Atlanta Braves could solve left field with a little Conforto
By Fred Owens
Atlanta Braves left fielders provided little offensive support and didn’t defend well; the club has to address the black hole in left field to contend.
Sayin’ the Atlanta Braves have a serious problem in left field is understating the issue. The quartet of Adam Duvall, Robbie Grossman, Marcell Ozuna, and Eddie Rosario are the only Atlanta Braves who recorded more than 29 AB while playing left field last year.
Their defense wasn’t anything to write home about either.
The Braves acquired outfielder Sam Hilliard from Colorado, but he looks like a fifth outfielder in the Heredia mold for less money. No word on his ability to wield a cutlass.
The market for left fielders of quality is slim. Last week, Sam wrote about Mitch Haniger, and Mitchell suggested Michael Brantley. Currently, Braves Twitter is all aflutter about acquiring Bryan Reynolds, though most of the trades suggested might not be enough for a box of Reynolds Wrap.
Haniger is an odd injury waiting to happen, and Brantley is 35 with a bat that invokes memories of Markakis. He’s going to get on base and run into one now and then but lacks consistent power.
However, there’s a 29-year-old left fielder on the market who averages 28 homers, a .359 OBP, and .468 SLG% over 162 games and plays Gold Glove caliber left field.
It’s true he’s coming off a serious injury, but there’s every indication he’s fit and ready to play. That’s why the Atlanta Braves should be talking to Michael Conforto.
Conforto spent time on the IL for bruised wrist in 2017 and dislocated his shoulder as the Mets were wrapping up the season and missed Spring training in 2018, but returned to hit 28 homers and bat .243/.350/.448/.797 with a .342 wOBA, 119 wRC+ and post 3.7 fWAR.
His shoulder injury officially resurfaced in 2022 but was probably bothering him throughout the 2021 season. Conforto didn’t want to give up on his walk year and posted his worst-ever numbers.
His down year didn’t stop the Mets from giving him a qualifying offer worth $18.4M when the season ended, which he quickly rejected.
Aside from the shoulder injury, Conforto’s IL history includes seven days on the concussion IL in 2019 and 10 days on the IL for hamstring strains in 2020 and 2021.
Atlanta Braves need this bat
Despite batting a sub-par .232/.344/.384/.729 in 2021, among all (103) qualified outfielders from 2018 through 2021, Conforto ranks:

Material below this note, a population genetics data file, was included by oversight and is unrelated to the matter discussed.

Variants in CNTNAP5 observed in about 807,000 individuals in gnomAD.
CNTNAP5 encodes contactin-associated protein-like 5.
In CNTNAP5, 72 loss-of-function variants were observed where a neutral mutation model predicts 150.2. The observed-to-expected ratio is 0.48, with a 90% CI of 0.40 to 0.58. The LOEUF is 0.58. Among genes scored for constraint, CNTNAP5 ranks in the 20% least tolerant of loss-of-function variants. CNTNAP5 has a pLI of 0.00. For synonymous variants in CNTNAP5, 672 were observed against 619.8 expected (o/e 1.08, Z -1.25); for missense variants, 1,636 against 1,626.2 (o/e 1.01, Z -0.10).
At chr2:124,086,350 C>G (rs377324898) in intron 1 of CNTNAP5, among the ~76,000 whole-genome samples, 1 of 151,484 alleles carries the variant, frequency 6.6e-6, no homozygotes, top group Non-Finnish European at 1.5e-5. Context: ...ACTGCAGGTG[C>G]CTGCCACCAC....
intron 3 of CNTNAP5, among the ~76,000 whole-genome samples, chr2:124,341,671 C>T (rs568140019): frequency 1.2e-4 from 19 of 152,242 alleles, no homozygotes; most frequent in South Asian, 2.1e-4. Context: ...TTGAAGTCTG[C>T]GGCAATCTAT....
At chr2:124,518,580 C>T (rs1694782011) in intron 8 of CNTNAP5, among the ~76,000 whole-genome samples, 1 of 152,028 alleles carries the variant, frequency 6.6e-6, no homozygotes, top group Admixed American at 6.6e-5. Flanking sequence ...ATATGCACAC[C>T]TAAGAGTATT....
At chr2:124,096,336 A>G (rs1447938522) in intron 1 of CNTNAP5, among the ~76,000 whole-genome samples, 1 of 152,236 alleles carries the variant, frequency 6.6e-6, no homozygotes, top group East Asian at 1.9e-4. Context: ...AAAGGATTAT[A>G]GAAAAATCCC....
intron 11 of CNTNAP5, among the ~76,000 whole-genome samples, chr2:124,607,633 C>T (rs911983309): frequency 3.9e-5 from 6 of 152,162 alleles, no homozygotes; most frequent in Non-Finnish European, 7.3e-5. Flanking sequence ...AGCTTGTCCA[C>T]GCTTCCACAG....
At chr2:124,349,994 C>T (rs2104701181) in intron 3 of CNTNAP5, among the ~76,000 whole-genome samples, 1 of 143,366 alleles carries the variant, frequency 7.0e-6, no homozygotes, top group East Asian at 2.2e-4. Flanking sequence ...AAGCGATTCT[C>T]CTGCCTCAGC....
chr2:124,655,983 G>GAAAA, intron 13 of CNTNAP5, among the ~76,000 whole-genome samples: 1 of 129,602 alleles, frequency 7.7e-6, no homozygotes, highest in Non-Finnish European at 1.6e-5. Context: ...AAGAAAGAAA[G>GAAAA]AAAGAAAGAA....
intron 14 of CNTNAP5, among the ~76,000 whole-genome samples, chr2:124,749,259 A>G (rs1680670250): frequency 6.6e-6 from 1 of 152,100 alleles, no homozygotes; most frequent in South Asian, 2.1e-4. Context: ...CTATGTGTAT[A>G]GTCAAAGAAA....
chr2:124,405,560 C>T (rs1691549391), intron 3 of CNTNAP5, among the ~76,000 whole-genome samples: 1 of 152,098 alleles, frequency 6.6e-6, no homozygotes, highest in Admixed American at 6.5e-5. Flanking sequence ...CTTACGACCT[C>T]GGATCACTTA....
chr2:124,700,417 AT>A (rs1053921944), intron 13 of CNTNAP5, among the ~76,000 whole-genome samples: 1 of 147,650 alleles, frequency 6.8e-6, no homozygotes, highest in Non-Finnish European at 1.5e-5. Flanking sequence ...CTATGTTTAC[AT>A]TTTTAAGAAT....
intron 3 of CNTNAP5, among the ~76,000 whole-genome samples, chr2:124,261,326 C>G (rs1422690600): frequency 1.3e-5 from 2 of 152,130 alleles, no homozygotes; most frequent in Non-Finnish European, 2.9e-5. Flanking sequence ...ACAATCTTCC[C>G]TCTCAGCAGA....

- 13th with 11.5 fWAR
- 16th with 432 hits,
- 19th with a .360 OBP
- T 21st with 83 homers,
- 21st with 124 wRC+
- 27th with a.350 wOBA
On November 30, MLB’s David Adler added some comparisons worth noting.
"Conforto barreled 10.8% of his contact from 2019-21 . . .he hit the ball with the perfect exit velocity and launch angle to be a home run or an extra-base hit.(Anthony Rizzo) . . .has a 9.0% barrel rate over his last three seasons . . . (Rizzo and Conforto) had nearly identical extra-base-hit totals Rizzo (in the same period) has 119, Conforto has 118."
Among 33 LHH outfielders with 1100 PA in that span, Conforto ranks:
- Fifth in home runs
- Seventh in OBP
- Seventh in wRC+
- Ninth in hits
- Tenth in wOBA
The Mets jammed Conforto into center field, but he excels in left, putting up 10 DRS, a 7.1 UZR, and eighth outs above average there in 2045 innings between 2015 and 2018.
How much would it cost?
On November 3, Jon Heyman wrote that Conforto would get one year at $14m.
On November 4, Jim Bowden Projected Conforto would receive a two-year, $34M deal with an opt-out.
Joel Sherman reported that Boras is seeking the kind of deal Bowden suggested because it worked for Rodon.
A few days later, ESPN’s Kiley McDaniel ($$) projected a one-year, $19 million deal.
We know the Atlanta Braves don’t give opt-outs and I think Heyman is low on his estimate, so I’ll agree with McDaniel on one year and $18 to $19M with a mutual option. I have no idea if that’s in Anthopoulos’ vocabulary, but it sounds good…doesn’t it?
That’s a wrap
There’s no such thing as a guaranteed signing of an injured player, but Conforto’s younger than Haniger and Brantley and because he’s younger without a record of serious injuries, there’s a higher probability he’ll remain healthy.
Every outfielder on the market carries inherent risk, and Conforto is the most likely to succeed. As I wrote a couple of days ago, whether the Atlanta Braves will meet the ask is another question entirely.